“Music can change the world because it can change people.”
Most of us have been blessed with relatively good health. We have our full faculties and physical abilities. And as appreciative as we are most days, it is fair to say that as human beings we do have a tendency to take these gifts for granted. And perhaps in taking our lives for granted, we forget about those who were born with challenges that we call “disabilities”. And yet, that word never entered my mind with what I witnessed today when I was given the honor of attending a concert for a local group of physically and mentally challenged adults.
When I received the invite and was told about “The Notables”, I was certainly intrigued and eager to hear them perform, but my mind was trying to wrap itself around the concept that someone with profound disabilities could be part of a band that played music. Being that I have had experience caring for children/adults with disabilities, I was aware of the obstacles that were present in day-to-day activities, but for them to hold a concert, and at the airport, I was starting to wonder just what this band was like.
The concert was scheduled to begin at noon and I made sure to arrive 15 minutes early to get a feel for what I was about to experience. When I arrived, there in the entryway to the terminal was indeed a band of about 9 members: Three guitar players, singers, a piano player, and drummer. There were 3 women and 6 men. One of the female members was in a wheelchair, but made no hesitation to help direct the band in their activities. The others mostly stood and before I knew it, they were testing out microphones and strumming some notes on the guitar. The travelers in the airport were busily walking by as if not even noticing the band that prepared to play for them.
There was still a little time before the concert was to begin so I made my way to the information table. There in their pamphlet it stated that the Notables main mission is to provide music therapy to adults and children with the following challenges:
Developmental and learning disabilities
Traumatic Brain Injuries
Alzheimer’s and age-related dementia
Substance abuse issues
Acute and chronic pain
Post-traumatic stress disorder
Mental health issues
I finished reading the pamphlet and turned around to see who was sitting in the 30 chairs or so and I made an inadvertent frown when I only noticed a handful of people. I was excited after reading their mission and who the program served, and that left me feeling a little disappointed that not many more people were in attendance. Well, I stood off to the side as I wanted to get some pictures when the lead band member announced in a delicate but determined voice that they were going to start the concert. Having played in a school band in my younger days, I knew the excitement and anxiety this group was experiencing before a concert, or were they? They all appeared very calm and organized. Then the first couple notes were played and they were right on key. And before I knew it, the lead band member began to sing and I didn’t want to hide my delighted smile. I stood in amazement as the sound, the pitch, the notes were all as perfect as they could be.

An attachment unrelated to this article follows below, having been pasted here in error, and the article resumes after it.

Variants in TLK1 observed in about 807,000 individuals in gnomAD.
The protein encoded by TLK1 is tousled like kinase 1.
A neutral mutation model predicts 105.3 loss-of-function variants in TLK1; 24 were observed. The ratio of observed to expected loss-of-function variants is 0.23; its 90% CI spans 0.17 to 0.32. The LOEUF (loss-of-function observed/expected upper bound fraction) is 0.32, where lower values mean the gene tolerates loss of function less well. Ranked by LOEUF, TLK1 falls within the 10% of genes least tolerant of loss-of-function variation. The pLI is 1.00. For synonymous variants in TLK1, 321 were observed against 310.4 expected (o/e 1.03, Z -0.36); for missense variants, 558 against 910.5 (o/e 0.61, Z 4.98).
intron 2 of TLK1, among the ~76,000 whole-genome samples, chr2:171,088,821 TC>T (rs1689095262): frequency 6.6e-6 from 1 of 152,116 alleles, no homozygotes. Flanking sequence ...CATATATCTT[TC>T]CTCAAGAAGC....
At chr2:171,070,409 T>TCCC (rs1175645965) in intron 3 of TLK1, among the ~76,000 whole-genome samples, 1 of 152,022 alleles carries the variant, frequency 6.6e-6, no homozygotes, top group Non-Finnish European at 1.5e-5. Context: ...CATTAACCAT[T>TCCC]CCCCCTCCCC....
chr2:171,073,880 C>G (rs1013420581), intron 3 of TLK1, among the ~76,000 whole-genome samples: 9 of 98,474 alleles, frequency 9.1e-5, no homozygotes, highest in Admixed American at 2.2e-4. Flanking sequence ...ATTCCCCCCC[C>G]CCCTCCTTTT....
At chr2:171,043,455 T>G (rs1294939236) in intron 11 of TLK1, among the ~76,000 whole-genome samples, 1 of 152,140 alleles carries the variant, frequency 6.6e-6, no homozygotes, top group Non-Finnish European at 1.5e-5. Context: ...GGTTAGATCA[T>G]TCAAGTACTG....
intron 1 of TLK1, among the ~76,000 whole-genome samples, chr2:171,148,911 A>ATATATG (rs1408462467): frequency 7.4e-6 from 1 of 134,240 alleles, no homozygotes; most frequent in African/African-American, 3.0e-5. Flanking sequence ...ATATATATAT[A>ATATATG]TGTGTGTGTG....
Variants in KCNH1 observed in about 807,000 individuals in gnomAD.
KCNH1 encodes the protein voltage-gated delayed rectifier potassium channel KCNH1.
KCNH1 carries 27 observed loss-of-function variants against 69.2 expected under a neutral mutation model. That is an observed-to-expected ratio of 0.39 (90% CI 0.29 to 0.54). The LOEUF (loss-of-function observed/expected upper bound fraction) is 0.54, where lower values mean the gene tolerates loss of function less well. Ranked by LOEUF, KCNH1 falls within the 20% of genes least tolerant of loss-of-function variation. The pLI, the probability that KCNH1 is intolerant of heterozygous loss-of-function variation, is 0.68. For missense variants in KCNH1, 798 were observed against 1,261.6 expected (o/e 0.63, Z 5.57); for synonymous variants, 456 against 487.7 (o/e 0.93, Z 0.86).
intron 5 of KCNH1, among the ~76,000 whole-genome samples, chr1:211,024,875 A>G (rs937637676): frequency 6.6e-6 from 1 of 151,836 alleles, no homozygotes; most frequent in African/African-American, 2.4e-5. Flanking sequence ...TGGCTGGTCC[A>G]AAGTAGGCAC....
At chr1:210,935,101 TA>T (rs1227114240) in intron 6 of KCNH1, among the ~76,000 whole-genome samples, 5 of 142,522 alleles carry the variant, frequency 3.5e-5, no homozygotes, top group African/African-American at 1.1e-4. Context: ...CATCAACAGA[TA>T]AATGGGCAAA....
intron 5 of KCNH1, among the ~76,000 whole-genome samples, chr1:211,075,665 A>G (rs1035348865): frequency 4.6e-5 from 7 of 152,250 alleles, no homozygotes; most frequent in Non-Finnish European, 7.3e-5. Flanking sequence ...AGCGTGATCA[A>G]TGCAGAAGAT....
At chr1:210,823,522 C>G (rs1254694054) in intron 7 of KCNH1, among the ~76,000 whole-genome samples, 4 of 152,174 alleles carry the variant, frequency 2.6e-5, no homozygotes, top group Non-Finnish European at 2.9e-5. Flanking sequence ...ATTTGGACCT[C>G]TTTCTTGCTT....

And then…. As if the notes from angels spread like the seeds from dandelions in a breeze, the travelers stopped, they listened, they smiled, and they even danced. I was a bit overcome by what I saw. As most people walking by took a second glance at the band that played, perhaps not noticing at first, the physical challenges that several were facing; but when they did notice, their eyes grew wide and they made sure to listen and then applauded when the music finished. It was contagious, as even a TSA agent couldn’t help herself to be part of the excitement. The chairs were filled, the audience had grown and the smiles were more than apparent. But the music…. the music was nothing short of truly amazing. The band transitioned from one song to the next without any sheet music, without someone to hold their hand, no, they performed as if they had done this a hundred times before.
I couldn’t help but wonder what their lives were like. And just then, a song came on and I had noticed it had a female voice, but could not see which female was singing as it appeared from afar that their lips were hardly moving. As I walked around to the piano player it was obvious that the perfect voice was emanating from her lips. And as I stood and watched I noticed a lot about her that was later confirmed to me. She played the piano perfectly and she sang, but her eyes were closed as if never an intention to open. This very talented musician was blind, and yet, that disability was hard to detect as she made playing the piano and singing look way too easy. I thought for a moment, “I wish she could see the smiles she has so generously delivered today… there are many!”
Their challenges of day-to-day life seemed unimaginable from my perspective. And yet this group of physically and mentally challenged adults appeared content, happy, gleeful and without a doubt, thrilled at the opportunity to show the abilities they most certainly possessed. How often it is that we take our own abilities for granted? The ability to walk, to run, to dance, to work, to live independently, to see, to hear, to feel, to be…. Being grateful every day is a choice.
I have included a short and visually small clip of a song from “The Notables” concert, and I hope that their notes not only carry the sound of music, but the spirit of appreciation and courage to rise above obstacles some couldn’t fathom hurdling.
Today, I had the honor of listening to a band that was cut from a different cloth… one full of color, vibrant sound and enthusiasm. A group made differently than some, but no less important than all.
Their amazing abilities astounded me, humbled me with every reminder that every life is important and should never be taken for granted…. Wondering what tomorrow will bring…